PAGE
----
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Here's my question:

Suppose your program contains code to create a dynamically allocated array as follows:

int * entry;
entry = new int [10];

so that the pointer variable entry is pointing to this dynamically allocated array. Write code to fill this array with ten numbers typed in at the keyboard.

I've gone through the book for two days now and still can't figure this out.

Here's the code I was trying, but it is giving me an error on line 17 that says: No operator matches these operands "<<". I've checked the msdn and a couple other websites, but I cant figure this out. Any help would be appreciated.

#include <iostream>

using namespace std;

int main()
int * entry;
entry = new int [10];
int array_size = 10;
int num;
for(int i = 0; i< array_size; i++)
    entry[i] = i;

for(int i = 0; i < array_size; i++)
    cout << "Enter an int into the array: " << endl;
    cin << entry[i] << endl;

return 0;
share|improve this question
cin >> entry[i]; ;) – us2012 Feb 9 '13 at 1:32
Woooow. I feel pretty silly now. Thanks for the help! – Dorden Feb 9 '13 at 1:34
Also, the previous loop with entry[i] = i; does not do anything useful as you are overwriting all of these with the values the user inputs. – us2012 Feb 9 '13 at 1:35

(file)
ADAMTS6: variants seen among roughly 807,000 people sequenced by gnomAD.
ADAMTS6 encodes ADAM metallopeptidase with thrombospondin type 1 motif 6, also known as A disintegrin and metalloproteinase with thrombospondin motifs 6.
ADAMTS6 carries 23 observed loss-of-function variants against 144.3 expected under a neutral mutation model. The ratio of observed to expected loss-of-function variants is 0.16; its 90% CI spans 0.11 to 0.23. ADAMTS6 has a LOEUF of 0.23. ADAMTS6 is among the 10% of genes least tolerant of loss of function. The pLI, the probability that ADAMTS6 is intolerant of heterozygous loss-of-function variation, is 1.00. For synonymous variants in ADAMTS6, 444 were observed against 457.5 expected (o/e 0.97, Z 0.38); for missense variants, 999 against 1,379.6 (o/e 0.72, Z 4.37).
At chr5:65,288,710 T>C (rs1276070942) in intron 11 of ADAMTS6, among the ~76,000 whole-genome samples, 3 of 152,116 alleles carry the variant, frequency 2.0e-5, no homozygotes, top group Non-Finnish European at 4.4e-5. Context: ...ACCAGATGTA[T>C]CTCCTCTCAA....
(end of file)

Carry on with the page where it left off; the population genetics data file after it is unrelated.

@us2012 give as answer and I'll +1 – Richard Schneider Feb 9 '13 at 1:36
up vote 6 down vote accepted

You have the wrong direction of the the stream operator: Use cin >> entry[i]; . A good way of remembering this is thinking of the operator as an arrow: For output, you point the stuff you want to output towards cout, for input, you point the values from cin towards the variable that should store the input.

By default, cin >> ... handles whitespace (spaces, tabs, newlines) automatically, so there is no need for the >> endl either.

Finally, the previous loop setting entry[i] = i; does not do anything useful in your current program as all the entries are overwritten anyways when the users input their values.

share|improve this answer

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